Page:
As Year Comes to an End, ADAP Crisis Continues to Grow; States and Pharmaceutical Companies Increase Commitment to Programs
December 10, 2010
Washington, D.C. -- There are now 4,543 individuals on waiting lists to receive consistent access to their HIV-related medications through AIDS Drug Assistance Programs (ADAPs) in nine states (as of December 9, 2010). The states with the greatest number of individuals on their lists are Florida (2,396), Georgia (837), Louisiana (511), Ohio (374) and South Carolina (298). Additionally, over 300 individuals have been disenrolled from ADAPs since the start of the ADAP fiscal year in April, 2010 and over 1,000 more individuals could be disenrolled by February, 2011. Twenty-three states have instituted, or anticipate instituting before the end of the ADAP fiscal year ending in March 2011, cost containment measures other than ADAP waiting lists. To see a list of states with access restrictions please visit NASTAD's website at www.NASTAD.org.
"In 2010, we saw the federal government, states governments and the pharmaceutical industry all contribute towards a solution to this crisis," noted Julie Scofield, NASTAD's Executive Director. "Unfortunately, it has only addressed a portion of the true need in programs," she added.
The current economic crisis continues to heavily impact ADAPs. Individuals losing jobs and insurance have created increased demand for safety net services. In FY2010, ADAPs saw an average monthly growth of 1,382 clients entering the program nationwide. This is an increase of 96 percent from FY2008 when ADAPs experienced stable average monthly growth of 706 clients.
There are glimmers of hope in addressing the funding needs of ADAPs, but much remains to be done. The recently passed House Continuing Resolution includes a $60 million increase for ADAPs in FY2011, more than the $50 million requested by the President and included in earlier versions of appropriations bills considered by the House and Senate. "NASTAD is appreciative of Congressional action that prioritizes ADAP during these tight fiscal conditions. However, we know that it will not fill all of the gaps in ADAPs so we request that President Obama and Members of Congress continue to seek out additional funding," remarked Scofield.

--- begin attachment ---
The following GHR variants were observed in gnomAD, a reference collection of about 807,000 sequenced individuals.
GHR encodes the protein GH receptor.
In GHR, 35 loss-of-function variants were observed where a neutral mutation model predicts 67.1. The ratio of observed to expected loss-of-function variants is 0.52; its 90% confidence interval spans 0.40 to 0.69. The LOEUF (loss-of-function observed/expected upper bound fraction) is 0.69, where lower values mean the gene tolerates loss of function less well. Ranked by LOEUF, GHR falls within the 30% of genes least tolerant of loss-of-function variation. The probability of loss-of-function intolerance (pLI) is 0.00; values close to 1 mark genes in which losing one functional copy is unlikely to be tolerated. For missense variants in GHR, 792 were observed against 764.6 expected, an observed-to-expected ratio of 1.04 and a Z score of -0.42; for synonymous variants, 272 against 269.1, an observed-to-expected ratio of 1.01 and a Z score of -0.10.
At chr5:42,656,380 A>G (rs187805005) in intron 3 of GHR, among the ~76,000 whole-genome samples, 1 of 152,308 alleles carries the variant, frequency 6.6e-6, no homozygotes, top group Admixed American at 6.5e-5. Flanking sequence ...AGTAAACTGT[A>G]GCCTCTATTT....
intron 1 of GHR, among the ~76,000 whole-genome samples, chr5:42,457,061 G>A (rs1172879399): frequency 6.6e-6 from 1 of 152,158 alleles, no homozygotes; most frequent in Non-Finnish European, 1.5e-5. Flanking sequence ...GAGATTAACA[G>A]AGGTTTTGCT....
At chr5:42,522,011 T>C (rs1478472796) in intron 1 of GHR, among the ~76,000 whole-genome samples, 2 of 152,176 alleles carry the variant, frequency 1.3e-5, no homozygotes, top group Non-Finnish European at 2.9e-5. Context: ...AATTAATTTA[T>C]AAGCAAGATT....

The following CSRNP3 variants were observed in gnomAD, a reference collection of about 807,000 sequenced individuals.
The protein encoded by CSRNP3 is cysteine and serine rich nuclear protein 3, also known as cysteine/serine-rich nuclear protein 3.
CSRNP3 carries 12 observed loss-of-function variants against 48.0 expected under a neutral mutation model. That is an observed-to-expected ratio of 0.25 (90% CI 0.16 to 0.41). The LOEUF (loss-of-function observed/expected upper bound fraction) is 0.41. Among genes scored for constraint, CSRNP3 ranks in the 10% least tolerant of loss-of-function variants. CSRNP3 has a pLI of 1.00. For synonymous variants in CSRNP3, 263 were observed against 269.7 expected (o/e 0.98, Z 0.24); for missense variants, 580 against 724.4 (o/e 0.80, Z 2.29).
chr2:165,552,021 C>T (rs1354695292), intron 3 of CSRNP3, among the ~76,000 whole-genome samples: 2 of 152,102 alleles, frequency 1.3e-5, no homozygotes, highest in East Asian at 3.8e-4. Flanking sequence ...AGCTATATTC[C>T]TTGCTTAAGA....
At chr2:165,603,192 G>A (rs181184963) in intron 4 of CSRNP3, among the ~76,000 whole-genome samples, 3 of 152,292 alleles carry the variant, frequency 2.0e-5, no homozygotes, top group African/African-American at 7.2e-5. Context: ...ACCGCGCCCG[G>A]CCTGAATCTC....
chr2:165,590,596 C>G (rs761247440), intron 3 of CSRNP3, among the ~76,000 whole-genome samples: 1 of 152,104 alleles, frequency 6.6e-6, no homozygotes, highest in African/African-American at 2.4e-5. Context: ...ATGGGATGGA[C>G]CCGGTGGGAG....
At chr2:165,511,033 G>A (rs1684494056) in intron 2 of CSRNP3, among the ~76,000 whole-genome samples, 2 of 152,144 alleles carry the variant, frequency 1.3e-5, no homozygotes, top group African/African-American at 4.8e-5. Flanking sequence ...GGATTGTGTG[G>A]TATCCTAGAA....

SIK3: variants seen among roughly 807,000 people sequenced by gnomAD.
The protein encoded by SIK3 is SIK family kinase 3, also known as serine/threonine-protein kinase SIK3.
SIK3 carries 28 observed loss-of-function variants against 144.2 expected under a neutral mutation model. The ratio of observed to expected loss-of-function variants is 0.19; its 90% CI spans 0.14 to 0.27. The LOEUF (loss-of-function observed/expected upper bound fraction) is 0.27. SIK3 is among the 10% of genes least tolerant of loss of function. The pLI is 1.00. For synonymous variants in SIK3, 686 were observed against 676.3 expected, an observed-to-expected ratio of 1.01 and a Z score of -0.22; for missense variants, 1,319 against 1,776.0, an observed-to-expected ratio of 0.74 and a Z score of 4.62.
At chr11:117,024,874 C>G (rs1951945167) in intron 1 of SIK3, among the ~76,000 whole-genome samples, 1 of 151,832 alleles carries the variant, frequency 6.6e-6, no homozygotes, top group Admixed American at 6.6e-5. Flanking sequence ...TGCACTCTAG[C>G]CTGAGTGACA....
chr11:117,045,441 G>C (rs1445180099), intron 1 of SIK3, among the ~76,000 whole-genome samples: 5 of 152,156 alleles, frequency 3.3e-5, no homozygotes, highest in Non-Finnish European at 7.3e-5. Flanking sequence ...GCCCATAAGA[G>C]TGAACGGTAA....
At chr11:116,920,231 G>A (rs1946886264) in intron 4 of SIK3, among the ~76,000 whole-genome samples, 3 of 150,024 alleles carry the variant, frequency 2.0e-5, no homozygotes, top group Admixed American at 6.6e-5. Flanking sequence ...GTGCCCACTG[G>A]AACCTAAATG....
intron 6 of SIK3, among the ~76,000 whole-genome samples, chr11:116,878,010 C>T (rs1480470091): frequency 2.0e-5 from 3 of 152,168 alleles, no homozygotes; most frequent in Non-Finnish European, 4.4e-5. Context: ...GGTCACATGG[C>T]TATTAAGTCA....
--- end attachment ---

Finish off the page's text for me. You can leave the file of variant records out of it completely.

"We also know that Governors and state legislators, despite facing ongoing budget deficits, have prioritized the funding of ADAP," Scofield continued. New data collected by NASTAD for the annual National ADAP Monitoring Project shows that in FY2010 states contributed over $336 million in state general revenue funds to ADAPs, an increase of $121 million from state funds contributed in FY2009. Nineteen states (Alabama, California, Colorado, Georgia, Illinois, Iowa, Montana, Nebraska, Nevada, New Hampshire, New Jersey, New York, North Carolina, Ohio, Pennsylvania, Virginia, Washington, West Virginia and Wisconsin) reported increases of $138.5 million in state funding for ADAP, while thirteen states (Florida, Idaho, Michigan, Minnesota, Missouri, Oklahoma, Oregon, Rhode Island, South Carolina, Tennessee, Texas, Utah and Wyoming) reported cuts to ADAP of $17.4 million.
Additionally, NASTAD applauds the contribution pharmaceutical manufacturers have made and continue to make to help alleviate the fiscal challenges ADAPs are experiencing. ADAP Crisis Task Force (ACTF) agreements with manufacturers of HIV antiretroviral medications have produced an estimated $259 million in savings for 2009, bringing the total savings since the Task Force's inception in 2003 to approximately $1.1 billion. In light of the current ADAP crisis, the ACTF initiated new agreements with the major manufacturers (Abbott Laboratories, Boehringer Ingelheim, Bristol-Myers Squibb, Gilead Sciences, Merck and Co., Tibotec Therapeutics and ViiV Healthcare) which have reduced costs by an additional $160 million per year, effective July 1, 2010.
This article was provided by National Alliance of State and Territorial AIDS Directors. Visit NASTAD's website to find out more about their activities and publications.
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